Until now. It's become glaringly apparent that we have got to pull out all the stops to work on his canter. Sure, we could try things like a little shoulder fore in the canter, or maybe some shallow counter-canter serpentines, but his canter is literally such a mess that I can't do anything with it. Cantering more with him splatted on his forehand isn't going to help, so we opted to try about a million trot-canter-trot transitions on the longe line in hopes he would be able to sort himself out a bit on his own, and get a little stronger so that when I'm on his back we don't flail quite so much.
Our first try was with my old stand-by, side reins. When I had Cash, I used to longe him often, just for a few minutes. I wanted him to have a chance to feel the bit contact without the instability of a rider's hands, and over time, side reins definitely helped him. With Paddy, the goals are different - steady rhythm and tempo, and better balance in all gaits but especially the canter.
Paddy in side reins. Note that he's BTV and tight in the base of his neck.
One thing I discovered about using elasticized side reins is that Paddy likes to lean on them. That meant when I got in the saddle to ride him after longeing, he was SUPER heavy in my hand (and having him more in my hand is really not somewhere I want to go). I also tried side reins without elastic, and he sucked back behind the bit the entire time with those. So while the elastic side reins might be OK if I'm ONLY going to longe him, they aren't great if I'm also going to ride.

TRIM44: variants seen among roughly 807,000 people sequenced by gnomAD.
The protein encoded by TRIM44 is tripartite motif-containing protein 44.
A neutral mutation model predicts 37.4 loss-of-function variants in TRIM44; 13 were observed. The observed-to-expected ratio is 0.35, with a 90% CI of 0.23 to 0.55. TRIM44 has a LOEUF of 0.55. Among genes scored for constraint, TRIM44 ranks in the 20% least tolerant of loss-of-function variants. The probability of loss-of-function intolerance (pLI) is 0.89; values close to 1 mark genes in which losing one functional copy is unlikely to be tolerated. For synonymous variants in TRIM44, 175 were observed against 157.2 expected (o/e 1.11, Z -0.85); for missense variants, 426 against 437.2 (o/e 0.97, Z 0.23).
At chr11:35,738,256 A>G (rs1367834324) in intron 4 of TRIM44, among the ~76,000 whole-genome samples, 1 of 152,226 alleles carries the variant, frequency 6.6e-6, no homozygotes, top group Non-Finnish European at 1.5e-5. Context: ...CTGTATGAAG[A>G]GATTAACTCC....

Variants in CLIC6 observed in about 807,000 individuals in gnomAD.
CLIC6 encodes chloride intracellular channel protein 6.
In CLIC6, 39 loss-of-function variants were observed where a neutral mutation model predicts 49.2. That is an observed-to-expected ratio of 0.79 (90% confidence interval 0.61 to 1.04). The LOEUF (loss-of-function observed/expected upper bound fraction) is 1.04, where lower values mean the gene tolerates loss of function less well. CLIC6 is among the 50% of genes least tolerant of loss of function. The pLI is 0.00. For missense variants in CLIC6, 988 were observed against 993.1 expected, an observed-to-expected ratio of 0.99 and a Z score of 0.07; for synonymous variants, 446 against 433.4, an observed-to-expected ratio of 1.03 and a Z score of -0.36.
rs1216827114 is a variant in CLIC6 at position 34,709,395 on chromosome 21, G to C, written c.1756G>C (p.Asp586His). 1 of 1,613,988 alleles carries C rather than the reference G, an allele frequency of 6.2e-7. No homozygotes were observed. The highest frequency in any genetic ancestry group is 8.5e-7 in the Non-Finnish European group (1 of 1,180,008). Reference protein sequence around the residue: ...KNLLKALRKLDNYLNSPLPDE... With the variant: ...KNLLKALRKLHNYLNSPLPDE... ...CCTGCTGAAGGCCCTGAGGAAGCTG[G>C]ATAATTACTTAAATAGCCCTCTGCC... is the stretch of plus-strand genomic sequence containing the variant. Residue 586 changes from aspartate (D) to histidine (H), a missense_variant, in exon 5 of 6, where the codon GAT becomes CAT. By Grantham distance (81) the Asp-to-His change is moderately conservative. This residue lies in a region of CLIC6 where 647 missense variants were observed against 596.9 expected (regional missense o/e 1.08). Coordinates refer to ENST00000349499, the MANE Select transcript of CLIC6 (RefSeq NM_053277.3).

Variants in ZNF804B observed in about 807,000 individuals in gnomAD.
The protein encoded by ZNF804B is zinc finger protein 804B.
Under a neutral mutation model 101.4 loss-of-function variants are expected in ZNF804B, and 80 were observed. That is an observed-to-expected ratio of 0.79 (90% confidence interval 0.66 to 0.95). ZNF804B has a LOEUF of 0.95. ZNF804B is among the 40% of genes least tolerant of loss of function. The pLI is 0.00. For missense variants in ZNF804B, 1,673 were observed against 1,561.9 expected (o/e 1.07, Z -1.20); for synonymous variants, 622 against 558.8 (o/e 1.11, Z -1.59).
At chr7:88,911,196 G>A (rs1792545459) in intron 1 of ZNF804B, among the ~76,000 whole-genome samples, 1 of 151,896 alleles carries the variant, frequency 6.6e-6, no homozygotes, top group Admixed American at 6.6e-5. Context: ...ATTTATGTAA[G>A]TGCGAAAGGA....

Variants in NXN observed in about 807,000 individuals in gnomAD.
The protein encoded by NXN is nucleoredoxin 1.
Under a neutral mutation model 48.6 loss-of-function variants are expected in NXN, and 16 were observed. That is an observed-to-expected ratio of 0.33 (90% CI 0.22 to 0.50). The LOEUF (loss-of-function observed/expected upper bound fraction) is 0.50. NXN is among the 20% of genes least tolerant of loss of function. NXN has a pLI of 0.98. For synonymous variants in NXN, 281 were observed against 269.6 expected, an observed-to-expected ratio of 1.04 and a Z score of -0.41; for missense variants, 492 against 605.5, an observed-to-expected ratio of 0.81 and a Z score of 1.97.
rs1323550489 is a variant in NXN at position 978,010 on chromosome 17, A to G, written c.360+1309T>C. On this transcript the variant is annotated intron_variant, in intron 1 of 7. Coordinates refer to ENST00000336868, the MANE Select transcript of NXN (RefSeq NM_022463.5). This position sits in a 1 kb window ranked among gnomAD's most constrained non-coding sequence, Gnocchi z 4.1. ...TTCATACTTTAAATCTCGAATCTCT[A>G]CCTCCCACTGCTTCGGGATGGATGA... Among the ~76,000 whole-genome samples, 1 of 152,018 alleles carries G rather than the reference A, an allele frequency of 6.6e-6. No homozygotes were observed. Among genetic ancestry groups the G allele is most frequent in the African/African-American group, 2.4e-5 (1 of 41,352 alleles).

Based on a little research and recommendations from other bloggers, I decided to try a chambon. The action is entirely different than side reins - it works off poll pressure and bit pressure when the horse raises his head. When the horse lowers his head, all pressure is released. He's allowed to go with his nose poked out or in and his head way down or slight up, and the chambon won't activate. It's only when he flings his head in the air that it kicks in.
Paddy with a chambon. Note how he's relaxed along his neck and top line, stepping under (for him), and has his nose poked out and down. This is actually a GREAT free walk for him!
It took him a few sessions to figure out the action of the chambon, but now he goes in a big, relaxed, swinging walk, and he's relaxing into the trot more and more. It's interesting to see how hard it is for him to balance in a trot over his topline for more than half a circle without anything to lean on, but he's getting better day by day. The canter is still very hard for him, but it's only been two weeks and he's finding his balance a bit more. I'm keeping sessions short, maybe 10-15 minutes total, mostly walking, and it's definitely making a difference under saddle. His walk is much freer and his trot and canter are both a bit more balanced. Yay progress!
Do you use longeing as a regular training aid?